I had not planned to travel abroad this year, especially after the UK government’s announcement in early 2021 that foreign holidays were forbidden. Even heading towards the airport with an intent to go on a foreign holiday could result in a £5000 fine or imprisonment! Surreal.
Where we live in London under a flight path to Heathrow, we notice that although there are fewer flights, they have not ceased completely. So how do people travel? It’s not something I have thought about.
One day at the end of April I receive a message that my elderly father’s condition is critical. Within an hour I am looking at flights back home in Eastern Europe and checking the UK government travel ‘advice’ webpages.
I say ‘advice’ but that word belongs to the past. Today, ‘command’ might be more appropriate. According to the government, only “essential” international travel is permitted for named valid reasons; ‘medical and compassionate’ is the category which applies to me.
I wonder whose compassion this is a reference to: mine, for wanting to be with my sick father, or the government’s for including this as a possibility. Reassured that I can go, it is now a question of buying the plane tickets, checking in and packing, right? Not quite.
Wading through the red tape
Since holiday travel has effectively been banned, the government created intricate webpages full of information on what is and what is not allowed, where citizens cannot travel, and if they must, what documents they need to prepare. So complicated travel advice alone has become that the webpage now includes a step by step flowchart with endless links within each step to be followed.
Getting through this information would take at least a day. It’s like a cross between a maze and a vortex. I soon understand that I cannot buy my tickets until I have uploaded the right Covid related paperwork onto the airline website!
First, I need to fill a Declaration for International Travel (since the 17th May it is no longer required) which asks for personal details including my date of birth, passport number, home address and destination.
The key question is the reason for international travel – and in the actual online questions, the phrase is: ‘What is your excuse for travel?’ My excuse? What kind of language is that? Am I asking a teacher to let me leave the classroom? Am I asked to explain why I haven’t done my homework?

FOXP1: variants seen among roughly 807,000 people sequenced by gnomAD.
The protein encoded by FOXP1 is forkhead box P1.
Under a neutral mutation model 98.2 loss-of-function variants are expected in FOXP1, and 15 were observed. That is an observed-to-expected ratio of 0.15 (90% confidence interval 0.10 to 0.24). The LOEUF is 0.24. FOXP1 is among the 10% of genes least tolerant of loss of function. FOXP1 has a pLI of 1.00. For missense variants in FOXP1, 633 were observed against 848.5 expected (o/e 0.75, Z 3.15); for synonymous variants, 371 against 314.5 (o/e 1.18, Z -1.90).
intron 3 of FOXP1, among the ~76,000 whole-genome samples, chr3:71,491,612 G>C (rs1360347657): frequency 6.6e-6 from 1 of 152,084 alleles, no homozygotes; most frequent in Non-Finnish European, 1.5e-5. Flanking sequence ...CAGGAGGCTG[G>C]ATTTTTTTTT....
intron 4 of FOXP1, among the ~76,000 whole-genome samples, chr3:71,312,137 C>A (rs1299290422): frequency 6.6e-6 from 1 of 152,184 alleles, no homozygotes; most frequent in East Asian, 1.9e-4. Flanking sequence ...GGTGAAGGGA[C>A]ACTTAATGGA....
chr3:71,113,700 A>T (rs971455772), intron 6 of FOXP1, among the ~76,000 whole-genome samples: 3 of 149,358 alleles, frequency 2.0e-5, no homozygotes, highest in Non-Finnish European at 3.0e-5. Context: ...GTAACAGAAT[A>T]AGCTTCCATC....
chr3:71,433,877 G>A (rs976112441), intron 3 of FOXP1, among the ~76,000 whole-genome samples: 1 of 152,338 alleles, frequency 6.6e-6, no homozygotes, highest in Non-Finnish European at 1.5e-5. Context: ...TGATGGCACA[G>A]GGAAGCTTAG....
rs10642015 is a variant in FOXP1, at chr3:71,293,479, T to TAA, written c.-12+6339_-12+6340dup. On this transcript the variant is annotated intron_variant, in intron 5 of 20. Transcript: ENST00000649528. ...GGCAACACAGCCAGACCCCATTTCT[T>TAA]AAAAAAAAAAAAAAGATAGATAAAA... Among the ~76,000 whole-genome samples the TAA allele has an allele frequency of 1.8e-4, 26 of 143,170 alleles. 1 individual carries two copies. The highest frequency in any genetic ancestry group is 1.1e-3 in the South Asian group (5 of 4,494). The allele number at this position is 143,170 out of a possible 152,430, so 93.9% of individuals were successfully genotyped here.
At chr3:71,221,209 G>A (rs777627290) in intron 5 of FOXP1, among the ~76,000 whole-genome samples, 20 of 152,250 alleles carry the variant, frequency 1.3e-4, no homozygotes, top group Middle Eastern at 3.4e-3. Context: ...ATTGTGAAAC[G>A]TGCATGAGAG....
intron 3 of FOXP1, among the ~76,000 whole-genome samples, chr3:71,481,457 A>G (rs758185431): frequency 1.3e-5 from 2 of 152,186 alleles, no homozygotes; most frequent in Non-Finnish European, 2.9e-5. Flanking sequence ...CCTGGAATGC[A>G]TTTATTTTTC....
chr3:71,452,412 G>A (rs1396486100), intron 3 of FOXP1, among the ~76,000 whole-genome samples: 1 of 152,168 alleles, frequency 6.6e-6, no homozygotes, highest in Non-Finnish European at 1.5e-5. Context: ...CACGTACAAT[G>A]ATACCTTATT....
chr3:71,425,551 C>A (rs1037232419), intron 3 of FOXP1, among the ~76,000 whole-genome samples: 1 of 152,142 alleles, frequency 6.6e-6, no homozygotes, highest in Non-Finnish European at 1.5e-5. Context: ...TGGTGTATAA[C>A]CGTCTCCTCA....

That really shocks me, although I have already noticed my own reaction to the very idea that I need permission to leave the country, as if I was back in Eastern Europe before 1989…I read the following declaration and tick the right box out of the given options.
I hereby declare that my reason for being outside my home to travel internationally is for:
– Medical or compassionate reasons
– Ending a temporary visit (non-UK resident)
– Allowing access to parents with children who do not live in the same country
– Other reasonable excuse – please specify
Next, I am required to sign to ‘certify that the information I have provided is true. I understand that if I provide false or misleading information, I may be issued with a fixed penalty notice and/or a direction to return home or be arrested’.
So, by signing this, and I have no choice not to if I want to get my ticket, I have given the UK authorities permission to arrest or fine me should my excuse to travel turn out to be incorrect. What if my father is not that ill, then what?
But of course, that is not enough. I now need to provide evidence of my father’s illness. How do you do that when the whole of the world is still in lockdown; imagine having to get a doctor’s note on demand. I am still just trying to get a ticket.
I want to travel tomorrow morning, my sister-in-law tells me, Dad is given a couple of days. I ask my brother to send me an email confirming the family crisis, he does that within an hour. He is also trying to copy the notes from my father’s last doctor’s visit and the most recent diagnosis.
Then, still before I buy a return ticket, I need to get a kit of two Covid tests which I will need to take upon return to UK. Another link takes me on to a list of government-approved Covid test providers. A whole list of them, each can be accessed via a separate link. I try a few. They average around £200 each. The cheapest ones are £99 but are sold out.
Why can’t I see any free NHS ones? The ones given out like sweets in schools and local pharmacies? Why are these not available? Why could I not just pick a free one at the airport?
But of course, there is no one to answer these questions, I am desperate to leave so agree to this, too. No test, no flight. So, I order one of these almost £200 test kits, get an email confirming the order, upload all the documents and finally I can complete the purchase of my tickets which, as usual, turn out not so low cost after all.